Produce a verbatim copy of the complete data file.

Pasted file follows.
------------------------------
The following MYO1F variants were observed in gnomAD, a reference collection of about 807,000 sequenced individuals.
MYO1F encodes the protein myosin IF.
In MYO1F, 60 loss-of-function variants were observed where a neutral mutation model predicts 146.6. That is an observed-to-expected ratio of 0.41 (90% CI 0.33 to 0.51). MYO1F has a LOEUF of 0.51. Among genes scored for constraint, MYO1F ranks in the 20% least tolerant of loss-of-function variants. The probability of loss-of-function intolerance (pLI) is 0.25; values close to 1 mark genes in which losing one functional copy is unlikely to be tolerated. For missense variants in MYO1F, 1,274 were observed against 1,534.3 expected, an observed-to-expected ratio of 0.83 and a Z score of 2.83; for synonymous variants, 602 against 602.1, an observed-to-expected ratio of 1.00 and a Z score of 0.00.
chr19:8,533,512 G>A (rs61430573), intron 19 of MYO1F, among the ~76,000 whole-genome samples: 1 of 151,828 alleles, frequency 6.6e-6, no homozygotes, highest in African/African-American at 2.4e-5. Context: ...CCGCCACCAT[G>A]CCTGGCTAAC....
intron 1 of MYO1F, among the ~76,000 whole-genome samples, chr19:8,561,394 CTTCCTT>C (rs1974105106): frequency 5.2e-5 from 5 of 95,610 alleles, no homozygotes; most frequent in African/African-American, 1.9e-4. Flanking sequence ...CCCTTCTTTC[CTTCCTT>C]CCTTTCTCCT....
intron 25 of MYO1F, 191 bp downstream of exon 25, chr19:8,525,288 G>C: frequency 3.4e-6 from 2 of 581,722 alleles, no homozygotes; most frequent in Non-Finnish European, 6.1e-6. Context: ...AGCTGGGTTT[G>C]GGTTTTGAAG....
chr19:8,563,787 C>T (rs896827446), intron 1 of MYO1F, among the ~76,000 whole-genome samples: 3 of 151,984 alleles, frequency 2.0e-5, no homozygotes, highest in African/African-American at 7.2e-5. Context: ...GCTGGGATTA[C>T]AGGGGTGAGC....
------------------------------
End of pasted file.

The following MYO1F variants were observed in gnomAD, a reference collection of about 807,000 sequenced individuals.
MYO1F encodes the protein myosin IF.
In MYO1F, 60 loss-of-function variants were observed where a neutral mutation model predicts 146.6. That is an observed-to-expected ratio of 0.41 (90% CI 0.33 to 0.51). MYO1F has a LOEUF of 0.51. Among genes scored for constraint, MYO1F ranks in the 20% least tolerant of loss-of-function variants. The probability of loss-of-function intolerance (pLI) is 0.25; values close to 1 mark genes in which losing one functional copy is unlikely to be tolerated. For missense variants in MYO1F, 1,274 were observed against 1,534.3 expected, an observed-to-expected ratio of 0.83 and a Z score of 2.83; for synonymous variants, 602 against 602.1, an observed-to-expected ratio of 1.00 and a Z score of 0.00.
chr19:8,533,512 G>A (rs61430573), intron 19 of MYO1F, among the ~76,000 whole-genome samples: 1 of 151,828 alleles, frequency 6.6e-6, no homozygotes, highest in African/African-American at 2.4e-5. Context: ...CCGCCACCAT[G>A]CCTGGCTAAC....
intron 1 of MYO1F, among the ~76,000 whole-genome samples, chr19:8,561,394 CTTCCTT>C (rs1974105106): frequency 5.2e-5 from 5 of 95,610 alleles, no homozygotes; most frequent in African/African-American, 1.9e-4. Flanking sequence ...CCCTTCTTTC[CTTCCTT>C]CCTTTCTCCT....
intron 25 of MYO1F, 191 bp downstream of exon 25, chr19:8,525,288 G>C: frequency 3.4e-6 from 2 of 581,722 alleles, no homozygotes; most frequent in Non-Finnish European, 6.1e-6. Context: ...AGCTGGGTTT[G>C]GGTTTTGAAG....
chr19:8,563,787 C>T (rs896827446), intron 1 of MYO1F, among the ~76,000 whole-genome samples: 3 of 151,984 alleles, frequency 2.0e-5, no homozygotes, highest in African/African-American at 7.2e-5. Context: ...GCTGGGATTA[C>T]AGGGGTGAGC....